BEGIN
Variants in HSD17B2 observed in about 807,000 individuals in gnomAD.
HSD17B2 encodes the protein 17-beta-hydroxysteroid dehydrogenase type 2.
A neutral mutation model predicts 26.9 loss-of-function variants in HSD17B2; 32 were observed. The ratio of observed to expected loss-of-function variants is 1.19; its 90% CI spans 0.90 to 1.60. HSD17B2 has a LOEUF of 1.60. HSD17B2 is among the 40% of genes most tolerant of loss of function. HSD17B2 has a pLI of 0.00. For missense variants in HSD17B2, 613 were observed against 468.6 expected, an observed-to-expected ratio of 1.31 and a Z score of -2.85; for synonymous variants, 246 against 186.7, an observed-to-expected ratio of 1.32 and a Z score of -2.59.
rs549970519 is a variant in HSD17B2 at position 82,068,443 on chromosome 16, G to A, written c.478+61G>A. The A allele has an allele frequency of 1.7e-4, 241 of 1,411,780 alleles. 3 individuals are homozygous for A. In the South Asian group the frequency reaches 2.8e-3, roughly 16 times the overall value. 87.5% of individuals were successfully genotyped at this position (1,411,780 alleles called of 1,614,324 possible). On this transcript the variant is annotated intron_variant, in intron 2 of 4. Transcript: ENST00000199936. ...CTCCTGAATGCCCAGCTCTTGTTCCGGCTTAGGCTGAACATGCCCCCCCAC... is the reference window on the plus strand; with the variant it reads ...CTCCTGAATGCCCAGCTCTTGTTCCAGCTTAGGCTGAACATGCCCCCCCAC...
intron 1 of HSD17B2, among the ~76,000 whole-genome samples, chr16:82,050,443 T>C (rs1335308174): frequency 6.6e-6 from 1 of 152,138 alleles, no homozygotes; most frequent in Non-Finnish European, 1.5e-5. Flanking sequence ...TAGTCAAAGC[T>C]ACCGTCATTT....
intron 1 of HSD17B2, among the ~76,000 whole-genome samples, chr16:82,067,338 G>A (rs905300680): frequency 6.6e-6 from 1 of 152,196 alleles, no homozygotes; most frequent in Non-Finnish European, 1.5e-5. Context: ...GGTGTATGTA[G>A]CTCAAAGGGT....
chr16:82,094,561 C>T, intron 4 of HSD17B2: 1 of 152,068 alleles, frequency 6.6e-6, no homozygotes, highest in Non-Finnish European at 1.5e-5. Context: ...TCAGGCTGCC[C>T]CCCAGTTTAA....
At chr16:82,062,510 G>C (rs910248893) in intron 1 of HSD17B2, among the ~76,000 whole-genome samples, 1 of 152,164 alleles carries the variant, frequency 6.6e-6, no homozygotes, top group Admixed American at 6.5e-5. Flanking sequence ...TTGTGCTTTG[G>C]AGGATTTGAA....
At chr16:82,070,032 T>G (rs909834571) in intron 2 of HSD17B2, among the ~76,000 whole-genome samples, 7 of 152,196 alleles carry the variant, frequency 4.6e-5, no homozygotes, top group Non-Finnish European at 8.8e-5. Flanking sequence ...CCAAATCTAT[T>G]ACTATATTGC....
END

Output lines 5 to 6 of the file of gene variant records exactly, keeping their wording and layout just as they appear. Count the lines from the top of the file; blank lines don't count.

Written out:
intron 1 of HSD17B2, among the ~76,000 whole-genome samples, chr16:82,050,443 T>C (rs1335308174): frequency 6.6e-6 from 1 of 152,138 alleles, no homozygotes; most frequent in Non-Finnish European, 1.5e-5. Flanking sequence ...TAGTCAAAGC[T>C]ACCGTCATTT....
intron 1 of HSD17B2, among the ~76,000 whole-genome samples, chr16:82,067,338 G>A (rs905300680): frequency 6.6e-6 from 1 of 152,196 alleles, no homozygotes; most frequent in Non-Finnish European, 1.5e-5. Context: ...GGTGTATGTA[G>A]CTCAAAGGGT....